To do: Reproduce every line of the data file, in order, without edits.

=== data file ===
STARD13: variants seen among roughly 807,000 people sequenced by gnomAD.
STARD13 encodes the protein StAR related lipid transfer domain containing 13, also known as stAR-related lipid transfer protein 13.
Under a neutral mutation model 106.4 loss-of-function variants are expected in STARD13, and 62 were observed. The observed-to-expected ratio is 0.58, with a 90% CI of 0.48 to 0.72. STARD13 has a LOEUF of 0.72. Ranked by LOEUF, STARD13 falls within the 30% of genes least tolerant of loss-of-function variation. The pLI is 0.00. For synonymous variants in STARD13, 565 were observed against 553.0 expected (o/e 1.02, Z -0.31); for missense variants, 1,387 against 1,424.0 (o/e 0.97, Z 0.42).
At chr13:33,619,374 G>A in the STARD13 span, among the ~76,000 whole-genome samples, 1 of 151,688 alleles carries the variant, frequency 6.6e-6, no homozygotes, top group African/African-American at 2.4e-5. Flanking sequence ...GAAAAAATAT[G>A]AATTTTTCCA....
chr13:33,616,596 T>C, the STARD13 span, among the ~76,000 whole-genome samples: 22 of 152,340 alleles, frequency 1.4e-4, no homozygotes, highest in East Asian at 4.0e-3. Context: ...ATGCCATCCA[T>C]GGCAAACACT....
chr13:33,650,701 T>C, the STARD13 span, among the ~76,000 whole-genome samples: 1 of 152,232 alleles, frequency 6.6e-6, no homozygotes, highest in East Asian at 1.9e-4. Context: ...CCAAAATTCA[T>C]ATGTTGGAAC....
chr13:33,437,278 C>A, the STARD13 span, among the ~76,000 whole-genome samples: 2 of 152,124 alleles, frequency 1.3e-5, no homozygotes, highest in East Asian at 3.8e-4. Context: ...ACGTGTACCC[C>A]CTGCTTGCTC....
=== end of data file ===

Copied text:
STARD13: variants seen among roughly 807,000 people sequenced by gnomAD.
STARD13 encodes the protein StAR related lipid transfer domain containing 13, also known as stAR-related lipid transfer protein 13.
Under a neutral mutation model 106.4 loss-of-function variants are expected in STARD13, and 62 were observed. The observed-to-expected ratio is 0.58, with a 90% CI of 0.48 to 0.72. STARD13 has a LOEUF of 0.72. Ranked by LOEUF, STARD13 falls within the 30% of genes least tolerant of loss-of-function variation. The pLI is 0.00. For synonymous variants in STARD13, 565 were observed against 553.0 expected (o/e 1.02, Z -0.31); for missense variants, 1,387 against 1,424.0 (o/e 0.97, Z 0.42).
At chr13:33,619,374 G>A in the STARD13 span, among the ~76,000 whole-genome samples, 1 of 151,688 alleles carries the variant, frequency 6.6e-6, no homozygotes, top group African/African-American at 2.4e-5. Flanking sequence ...GAAAAAATAT[G>A]AATTTTTCCA....
chr13:33,616,596 T>C, the STARD13 span, among the ~76,000 whole-genome samples: 22 of 152,340 alleles, frequency 1.4e-4, no homozygotes, highest in East Asian at 4.0e-3. Context: ...ATGCCATCCA[T>C]GGCAAACACT....
chr13:33,650,701 T>C, the STARD13 span, among the ~76,000 whole-genome samples: 1 of 152,232 alleles, frequency 6.6e-6, no homozygotes, highest in East Asian at 1.9e-4. Context: ...CCAAAATTCA[T>C]ATGTTGGAAC....
chr13:33,437,278 C>A, the STARD13 span, among the ~76,000 whole-genome samples: 2 of 152,124 alleles, frequency 1.3e-5, no homozygotes, highest in East Asian at 3.8e-4. Context: ...ACGTGTACCC[C>A]CTGCTTGCTC....